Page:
What Are the Limits of Free Speech? A Classroom Discussion for Constitution Day

By Sarah Schwartz — September 17, 2019 4 min read
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The students at Logan View High School in Hooper, Neb., and the students at Carl Sandburg High School in Orland Park, Ill., are usually separated by almost 500 miles.

But today, they met virtually, connecting over two very American topics: football and the United States Constitution.

The Nebraska and Illinois students were participating in the discussion for National Constitution Day, an annual holiday when schools are required to participate in lessons on the founding document.

Their videoconference call, facilitated through the nonprofit National Constitution Center, was centered on the question: When can the government regulate or prohibit speech? Soon the topic turned to kneeling during the National Anthem, according to the students.

A lot of people at Logan View High School don’t agree that players should kneel, said senior Preston Kotik, a student in the American Government class at Logan View that participated in the discussion, speaking with Education Week after the exchange.

But the conversation wasn’t a forum for students to share their personal opinions, he said. Instead, students had to explain whether they thought certain actions were constitutional or not, and justify their points.

Guided by a trained moderator from the National Constitution Center, the students talked about how different players might have different rights to speak out through their protest.

Students in Carl Sandburg High School brought up Chicago Bears players who had knelt, and Logan View students mentioned University of Nebraska student athletes who had also, Kotik said. He said that the moderator explained: Bears players could be fired for speech the that team owners don’t agree with, as the National Football League is a private organization.

But University of Nebraska football players may be on a bit firmer legal grounding, Kotik said the moderator explained to the two classes. The university is a public school. In Tinker v. Des Moines (1969), the Supreme Court ruled that public school officials can’t discipline students for participating in protests at school, unless they disrupt school events.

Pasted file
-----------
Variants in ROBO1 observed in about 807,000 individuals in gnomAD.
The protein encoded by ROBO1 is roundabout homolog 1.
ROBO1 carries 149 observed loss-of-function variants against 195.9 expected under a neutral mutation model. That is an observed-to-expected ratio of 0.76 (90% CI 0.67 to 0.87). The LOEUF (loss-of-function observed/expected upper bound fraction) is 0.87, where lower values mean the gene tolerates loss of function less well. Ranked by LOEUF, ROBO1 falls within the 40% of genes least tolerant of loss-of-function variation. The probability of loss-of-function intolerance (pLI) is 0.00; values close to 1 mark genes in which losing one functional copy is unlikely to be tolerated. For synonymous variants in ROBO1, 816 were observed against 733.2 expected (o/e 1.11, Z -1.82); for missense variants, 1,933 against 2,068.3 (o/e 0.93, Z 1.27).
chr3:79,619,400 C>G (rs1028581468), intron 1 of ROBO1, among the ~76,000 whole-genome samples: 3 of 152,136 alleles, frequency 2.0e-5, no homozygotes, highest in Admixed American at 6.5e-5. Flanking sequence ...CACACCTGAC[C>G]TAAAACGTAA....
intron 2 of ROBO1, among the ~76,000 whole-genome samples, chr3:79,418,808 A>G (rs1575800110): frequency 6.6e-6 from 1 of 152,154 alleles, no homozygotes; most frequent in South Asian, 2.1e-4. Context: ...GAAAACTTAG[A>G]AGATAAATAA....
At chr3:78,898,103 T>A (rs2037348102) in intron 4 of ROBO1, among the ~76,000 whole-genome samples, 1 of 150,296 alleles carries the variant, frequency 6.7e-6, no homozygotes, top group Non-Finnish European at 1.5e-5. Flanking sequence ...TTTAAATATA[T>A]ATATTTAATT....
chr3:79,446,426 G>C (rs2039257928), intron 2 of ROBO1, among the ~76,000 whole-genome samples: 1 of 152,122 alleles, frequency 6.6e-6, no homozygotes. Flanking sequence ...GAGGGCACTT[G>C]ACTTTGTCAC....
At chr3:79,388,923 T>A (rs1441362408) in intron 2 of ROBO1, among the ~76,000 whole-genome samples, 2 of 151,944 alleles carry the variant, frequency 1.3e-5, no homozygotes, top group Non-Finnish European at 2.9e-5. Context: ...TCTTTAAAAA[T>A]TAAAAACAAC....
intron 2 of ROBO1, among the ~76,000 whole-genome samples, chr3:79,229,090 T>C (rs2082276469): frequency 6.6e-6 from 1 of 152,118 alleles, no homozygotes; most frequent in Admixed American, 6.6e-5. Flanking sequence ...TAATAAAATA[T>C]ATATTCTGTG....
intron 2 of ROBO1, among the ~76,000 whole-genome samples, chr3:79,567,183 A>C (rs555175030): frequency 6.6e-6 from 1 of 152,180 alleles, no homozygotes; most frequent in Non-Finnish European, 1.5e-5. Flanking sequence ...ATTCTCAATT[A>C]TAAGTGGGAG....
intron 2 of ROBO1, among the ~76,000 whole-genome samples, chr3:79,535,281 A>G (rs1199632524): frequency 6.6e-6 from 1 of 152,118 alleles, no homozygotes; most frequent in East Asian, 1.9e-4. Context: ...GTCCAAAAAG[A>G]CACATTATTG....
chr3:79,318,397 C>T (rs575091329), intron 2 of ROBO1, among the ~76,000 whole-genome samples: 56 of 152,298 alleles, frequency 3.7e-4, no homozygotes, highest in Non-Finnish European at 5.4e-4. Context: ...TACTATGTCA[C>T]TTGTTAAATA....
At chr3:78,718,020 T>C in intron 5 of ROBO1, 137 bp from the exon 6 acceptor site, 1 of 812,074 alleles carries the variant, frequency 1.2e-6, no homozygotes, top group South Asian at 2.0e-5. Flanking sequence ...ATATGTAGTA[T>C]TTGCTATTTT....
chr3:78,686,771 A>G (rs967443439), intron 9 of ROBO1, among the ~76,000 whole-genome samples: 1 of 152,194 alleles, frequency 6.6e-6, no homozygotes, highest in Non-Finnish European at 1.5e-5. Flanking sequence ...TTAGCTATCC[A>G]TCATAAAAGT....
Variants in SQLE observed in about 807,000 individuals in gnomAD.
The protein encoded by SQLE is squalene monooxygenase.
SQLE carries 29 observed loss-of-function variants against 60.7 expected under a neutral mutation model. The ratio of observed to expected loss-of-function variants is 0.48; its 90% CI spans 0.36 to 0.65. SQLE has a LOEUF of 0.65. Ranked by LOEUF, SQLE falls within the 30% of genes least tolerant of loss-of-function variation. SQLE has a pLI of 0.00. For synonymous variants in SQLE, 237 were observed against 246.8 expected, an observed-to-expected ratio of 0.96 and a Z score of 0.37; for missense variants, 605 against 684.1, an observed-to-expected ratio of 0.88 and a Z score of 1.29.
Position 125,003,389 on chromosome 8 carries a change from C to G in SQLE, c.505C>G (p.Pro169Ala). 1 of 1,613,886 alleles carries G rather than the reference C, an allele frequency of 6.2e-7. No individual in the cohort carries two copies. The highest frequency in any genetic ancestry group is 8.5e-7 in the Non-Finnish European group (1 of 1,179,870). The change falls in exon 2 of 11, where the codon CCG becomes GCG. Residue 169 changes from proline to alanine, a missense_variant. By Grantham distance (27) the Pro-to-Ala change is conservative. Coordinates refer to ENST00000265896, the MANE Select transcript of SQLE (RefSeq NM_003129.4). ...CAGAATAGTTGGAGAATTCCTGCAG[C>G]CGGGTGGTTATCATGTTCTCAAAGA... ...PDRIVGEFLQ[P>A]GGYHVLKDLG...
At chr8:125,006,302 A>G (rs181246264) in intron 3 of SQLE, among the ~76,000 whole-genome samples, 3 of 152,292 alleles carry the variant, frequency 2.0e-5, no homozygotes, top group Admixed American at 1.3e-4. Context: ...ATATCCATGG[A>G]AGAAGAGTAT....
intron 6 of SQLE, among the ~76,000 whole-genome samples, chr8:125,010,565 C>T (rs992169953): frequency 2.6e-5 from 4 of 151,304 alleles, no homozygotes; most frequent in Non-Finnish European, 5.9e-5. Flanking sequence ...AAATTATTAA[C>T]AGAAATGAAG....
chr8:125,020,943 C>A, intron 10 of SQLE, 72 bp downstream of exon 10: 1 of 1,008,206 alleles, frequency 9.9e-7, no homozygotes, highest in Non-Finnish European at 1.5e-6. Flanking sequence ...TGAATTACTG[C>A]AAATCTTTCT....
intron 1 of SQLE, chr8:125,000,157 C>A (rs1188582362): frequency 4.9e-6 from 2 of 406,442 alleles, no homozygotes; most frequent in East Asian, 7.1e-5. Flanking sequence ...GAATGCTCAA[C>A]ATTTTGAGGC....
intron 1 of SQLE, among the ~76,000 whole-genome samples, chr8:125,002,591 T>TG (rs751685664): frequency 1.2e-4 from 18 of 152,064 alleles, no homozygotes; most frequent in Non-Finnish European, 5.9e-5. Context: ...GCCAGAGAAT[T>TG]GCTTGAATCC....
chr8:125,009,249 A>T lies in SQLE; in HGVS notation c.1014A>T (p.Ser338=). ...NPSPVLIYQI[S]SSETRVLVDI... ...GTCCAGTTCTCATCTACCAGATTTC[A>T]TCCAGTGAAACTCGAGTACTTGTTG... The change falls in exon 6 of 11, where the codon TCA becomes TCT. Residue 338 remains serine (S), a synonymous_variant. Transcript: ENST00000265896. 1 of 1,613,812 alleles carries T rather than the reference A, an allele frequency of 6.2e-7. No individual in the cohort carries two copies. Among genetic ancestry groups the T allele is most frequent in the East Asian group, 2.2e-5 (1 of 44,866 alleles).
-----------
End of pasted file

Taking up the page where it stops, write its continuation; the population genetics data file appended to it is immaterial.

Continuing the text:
Students “really like to know about their rights as young people, and they like to discuss their rights in a school setting,” said Nick Hegge, the American Government teacher at Logan View. “When they have that background knowledge, you can really see them taking more of an interest.”

Avoiding Bias

Year after year, studies have shown that Americans’ civic knowledge is pretty poor. In a recent survey of American adults by the Annenberg Public Policy Center, only 39 percent could correctly name the three branches of government—a five-year record high.

Still, the survey found that knowledge around constitutional rights was a little stronger. For example, 83 percent of respondents knew that the U.S. Supreme Court has held that a citizen has a constitutional right to own a handgun.

See also: Citizen Z: An Education Week Project

The National Constitution Center is one organization trying to increase public awareness about the rights and responsibilities written into the Constitution. In this classroom exchange program, the organization pairs schools for these conversations and provides trained moderators. In advance of this Constitution Day, the Center opened up the program to teachers across the country, after a pilot during the 2018-2019 school year.

The organization’s most well-known classroom resource is its Interactive Constitution, released in 2015. The website has the full text of the Constitution available, alongside analysis from both the American Constitution Society, a left-leaning legal organization, and the Federalist Society, a conservative and libertarian legal organization. For each article and amendment, there’s a common interpretation—co-signed by both a liberal and a conservative legal scholar—and opposing viewpoints on matters still open for debate.

Along with launching the virtual exchange platform this year, the organization also released a Classroom Edition that accompanies the Interactive Constitution, with lesson plans, videos and podcasts, and early drafts of the document.

Hegge said he often uses the common interpretation that the Interactive Constitution provides in his classroom, so that he can explain the articles or amendments without worrying about injecting his own bias.

And it can be difficult for students to reconcile personal political beliefs with what the Constitution legally permits. Elizabeth Hull, another senior at Logan View who participated in the exchange, said she struggles with this sometimes.

“I don’t think hate speech is okay, and it should be punishable,” she said, as an example. “But the Constitution says it’s okay as long as it doesn’t cause imminent danger.”

Still, she appreciated that the exchange today took the form of a conversation, rather than a debate.

“It wasn’t really an argument-type setting,” she said. “I personally like a discussion better, because then things don’t get as heated. You have the opportunity to politely disagree with someone, rather than force your views on them.”

Image: Getty

Do you have a good idea for teaching civics or encouraging K-12 students to develop civic behaviors and attitudes? Education Week, as part of its ongoing Citizen Z initiative, is looking to gather 100 good ideas for teaching civics. Send your tips, quick lessons, after-school activities, and community projects to

A version of this news article first appeared in the Teaching Now blog.

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